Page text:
Robert Sawyer will receive a Lifetime Achievement Award from the Canadian Science Fiction and Fantasy Association (CSFFA) on October 6. It will be the first time in 30 years that the organization has given an author this honor.
Previous lifetime achievement Aurora winners were A.E. van Vogt in 1980, Phyllis Gotlieb in 1982, and Judith Merril in 1983. At 53, Sawyer is the youngest author ever to receive a lifetime-achievement Aurora.
The award will be given at the 2013 Prix Aurora Awards breakfast banquet during the Canadian National SF Convention in Ottawa.
Sawyer is one of only eight writers, and the only Canadian, to win all three of the top awards for the year’s best SF novel, a Hugo Award in 2003 for Hominids, a Nebula Award in 1996 for The Terminal Experiment, and The John W. Campbell Memorial Award in 2006 for Mindscan.
He’s also won 13 Prix Aurora Awards, given by CSFFA – 7 for best novel, 5 for best short story, and 1 for best related book.
Sawyer is being honoured not just for his writing but also his decades of support for other writers. David G. Hartwell, senior editor at Tor Books in New York, was quoted in Publishers Weekly as saying, “Sawyer is very generous to young writers.”
And in naming Sawyer one of the “thirty most influential, innovative, and just plain powerful people in Canadian publishing” (one of only three authors to make the list), the publishing trade journal Quill & Quire called him “a generous mentor to other writers.”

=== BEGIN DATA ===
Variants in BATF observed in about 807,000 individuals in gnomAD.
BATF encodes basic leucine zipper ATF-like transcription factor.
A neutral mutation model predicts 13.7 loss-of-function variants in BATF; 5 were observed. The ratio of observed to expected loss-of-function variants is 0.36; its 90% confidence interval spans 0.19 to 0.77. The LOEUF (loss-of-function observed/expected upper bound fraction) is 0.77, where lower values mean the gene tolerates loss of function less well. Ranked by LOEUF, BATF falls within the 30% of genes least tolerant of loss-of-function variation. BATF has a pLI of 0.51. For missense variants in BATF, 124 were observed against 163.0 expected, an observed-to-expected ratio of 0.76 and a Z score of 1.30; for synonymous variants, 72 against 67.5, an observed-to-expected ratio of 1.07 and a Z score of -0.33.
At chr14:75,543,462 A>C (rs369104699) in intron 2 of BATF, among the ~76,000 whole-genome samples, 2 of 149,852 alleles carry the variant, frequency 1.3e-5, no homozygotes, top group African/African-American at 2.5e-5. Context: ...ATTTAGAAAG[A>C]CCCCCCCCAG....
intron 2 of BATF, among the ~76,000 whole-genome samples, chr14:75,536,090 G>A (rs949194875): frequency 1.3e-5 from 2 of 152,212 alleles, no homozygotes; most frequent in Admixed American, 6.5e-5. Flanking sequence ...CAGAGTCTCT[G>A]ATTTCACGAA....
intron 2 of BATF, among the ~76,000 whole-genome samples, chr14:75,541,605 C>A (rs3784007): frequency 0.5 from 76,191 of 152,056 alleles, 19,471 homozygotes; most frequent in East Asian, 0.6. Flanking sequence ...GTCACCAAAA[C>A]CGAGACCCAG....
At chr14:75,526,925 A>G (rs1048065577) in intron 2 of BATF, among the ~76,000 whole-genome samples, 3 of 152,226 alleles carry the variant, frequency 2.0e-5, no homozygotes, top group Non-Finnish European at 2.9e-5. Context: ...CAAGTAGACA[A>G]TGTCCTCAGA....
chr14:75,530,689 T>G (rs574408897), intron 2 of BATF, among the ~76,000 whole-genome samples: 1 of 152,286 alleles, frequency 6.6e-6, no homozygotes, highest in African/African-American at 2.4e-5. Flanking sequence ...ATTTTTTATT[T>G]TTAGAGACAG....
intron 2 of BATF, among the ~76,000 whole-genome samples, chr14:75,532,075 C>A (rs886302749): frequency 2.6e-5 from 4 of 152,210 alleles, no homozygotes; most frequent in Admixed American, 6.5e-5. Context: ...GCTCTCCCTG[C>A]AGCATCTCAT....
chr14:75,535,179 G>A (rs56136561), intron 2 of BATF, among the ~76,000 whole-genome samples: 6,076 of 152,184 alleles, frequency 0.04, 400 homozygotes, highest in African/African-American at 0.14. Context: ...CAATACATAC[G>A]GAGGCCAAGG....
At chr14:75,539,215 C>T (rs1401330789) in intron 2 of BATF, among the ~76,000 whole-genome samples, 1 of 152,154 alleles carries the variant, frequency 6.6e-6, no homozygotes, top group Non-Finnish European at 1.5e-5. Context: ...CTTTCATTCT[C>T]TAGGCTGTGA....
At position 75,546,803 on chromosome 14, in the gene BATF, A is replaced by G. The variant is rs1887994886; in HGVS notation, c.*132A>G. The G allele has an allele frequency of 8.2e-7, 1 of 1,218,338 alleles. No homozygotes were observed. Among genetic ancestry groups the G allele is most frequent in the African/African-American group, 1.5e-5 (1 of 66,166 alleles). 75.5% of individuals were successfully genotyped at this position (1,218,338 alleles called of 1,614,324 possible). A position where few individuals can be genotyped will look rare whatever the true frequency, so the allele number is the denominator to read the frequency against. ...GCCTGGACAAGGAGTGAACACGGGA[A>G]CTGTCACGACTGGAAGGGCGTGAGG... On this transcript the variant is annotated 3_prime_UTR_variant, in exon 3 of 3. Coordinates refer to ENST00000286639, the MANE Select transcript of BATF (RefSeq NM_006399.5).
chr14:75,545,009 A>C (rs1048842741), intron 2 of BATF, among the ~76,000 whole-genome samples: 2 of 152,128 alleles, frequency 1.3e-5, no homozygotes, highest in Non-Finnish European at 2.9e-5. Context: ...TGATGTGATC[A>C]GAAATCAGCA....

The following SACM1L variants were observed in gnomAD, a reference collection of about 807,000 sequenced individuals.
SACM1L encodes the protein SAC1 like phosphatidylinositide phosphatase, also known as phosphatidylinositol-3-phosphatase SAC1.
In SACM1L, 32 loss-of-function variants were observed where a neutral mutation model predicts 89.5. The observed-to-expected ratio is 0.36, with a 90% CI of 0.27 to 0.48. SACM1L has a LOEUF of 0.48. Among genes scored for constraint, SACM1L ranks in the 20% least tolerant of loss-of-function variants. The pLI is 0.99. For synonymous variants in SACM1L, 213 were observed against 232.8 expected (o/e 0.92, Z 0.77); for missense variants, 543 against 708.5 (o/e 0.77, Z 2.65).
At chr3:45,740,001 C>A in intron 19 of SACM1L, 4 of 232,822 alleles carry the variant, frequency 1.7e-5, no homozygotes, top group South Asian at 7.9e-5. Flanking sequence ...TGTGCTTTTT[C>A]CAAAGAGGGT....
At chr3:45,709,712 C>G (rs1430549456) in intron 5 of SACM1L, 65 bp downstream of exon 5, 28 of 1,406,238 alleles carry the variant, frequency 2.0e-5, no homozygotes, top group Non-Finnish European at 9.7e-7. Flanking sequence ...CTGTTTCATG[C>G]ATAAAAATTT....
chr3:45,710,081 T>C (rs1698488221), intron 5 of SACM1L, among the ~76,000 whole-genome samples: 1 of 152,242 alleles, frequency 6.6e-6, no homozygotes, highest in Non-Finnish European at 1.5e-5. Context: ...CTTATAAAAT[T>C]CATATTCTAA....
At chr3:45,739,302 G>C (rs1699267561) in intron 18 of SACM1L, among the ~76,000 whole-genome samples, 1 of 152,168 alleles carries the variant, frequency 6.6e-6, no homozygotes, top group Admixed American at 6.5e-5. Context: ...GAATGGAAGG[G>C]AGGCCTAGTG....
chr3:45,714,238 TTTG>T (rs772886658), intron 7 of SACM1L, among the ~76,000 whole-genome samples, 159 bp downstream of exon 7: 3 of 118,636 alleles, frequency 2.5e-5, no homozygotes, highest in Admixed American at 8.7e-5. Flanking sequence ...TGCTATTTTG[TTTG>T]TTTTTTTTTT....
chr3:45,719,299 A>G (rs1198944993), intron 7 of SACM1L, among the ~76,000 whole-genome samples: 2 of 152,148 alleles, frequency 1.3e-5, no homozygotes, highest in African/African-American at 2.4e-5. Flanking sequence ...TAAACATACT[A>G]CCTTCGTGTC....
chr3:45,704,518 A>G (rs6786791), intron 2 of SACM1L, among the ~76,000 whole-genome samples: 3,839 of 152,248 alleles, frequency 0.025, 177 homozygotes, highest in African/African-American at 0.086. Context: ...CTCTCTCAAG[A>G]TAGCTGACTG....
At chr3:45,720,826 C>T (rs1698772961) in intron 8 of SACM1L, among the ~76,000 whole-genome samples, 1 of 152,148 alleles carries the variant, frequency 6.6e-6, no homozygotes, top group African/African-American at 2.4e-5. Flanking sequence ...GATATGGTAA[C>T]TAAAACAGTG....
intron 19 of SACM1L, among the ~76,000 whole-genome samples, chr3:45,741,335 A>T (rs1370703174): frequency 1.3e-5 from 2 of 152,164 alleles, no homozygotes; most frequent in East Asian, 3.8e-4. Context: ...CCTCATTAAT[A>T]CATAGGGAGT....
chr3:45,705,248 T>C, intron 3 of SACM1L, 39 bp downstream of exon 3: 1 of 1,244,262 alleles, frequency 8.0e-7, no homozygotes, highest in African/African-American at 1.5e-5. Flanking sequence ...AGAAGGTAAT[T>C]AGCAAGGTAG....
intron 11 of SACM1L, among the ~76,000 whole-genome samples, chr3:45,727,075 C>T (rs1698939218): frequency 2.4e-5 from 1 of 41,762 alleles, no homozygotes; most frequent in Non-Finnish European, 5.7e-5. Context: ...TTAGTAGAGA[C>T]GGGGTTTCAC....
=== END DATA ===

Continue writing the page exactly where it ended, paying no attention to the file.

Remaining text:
In 2009, The Ottawa Citizen observed, “It seems like everywhere I go, people are talking about what an incredible friend Sawyer is to young SF writers, how much he gives back to the community.”
Update 09/23/2013: Clifford Samuels, Aurora Awards Administrator, writes to clarify that while Sawyer is the first author to receive a Lifetime Achievement Aurora since 1983, Dennis Mullin was given one in 2008 for “his 20-plus years of working on the Auroras.”
Actually, it’s even a bit more complicated than that.
In addition to presenting the Lifetime Achievement Aurora Awards to four different authors now (A.E. van Vogt, Phyllis Gotlieb, Judith Merril, and myself), Lifetime Achievement Aurora Awards have twice also gone to fans.
Hugo Award-winning fanzine writer and editor Susan Wood received one posthumously in 1981; she had passed away the previous year at age 32.
And, as Cliff noted, upon fan Dennis Mullin’s retirement from administering the Aurora Awards, Dennis was given a Lifetime Achievement Award in 2008. At the 2007 annual general meeting of the Canadian Science Fiction and Fantasy Association, I myself made the motion that Dennis be given this award and I had the privilege of presenting the award to Dennis at Keycon 25 in Winnipeg, the 2008 Canadian National Science Fiction Convention.
Also, Judith Merril twice received Lifetime Achievement Aurora Awards. The first time, in 1982, was for her “lifetime contributions to the field” (including her work as an author); the second, in 1986, was presented to her not as an author but as an editor (“lifetime achievement in editing”); Judy was a very influential anthologist.
I’m very proud to join a list of winners that includes Dennis and Susan along with three of my writing heroes.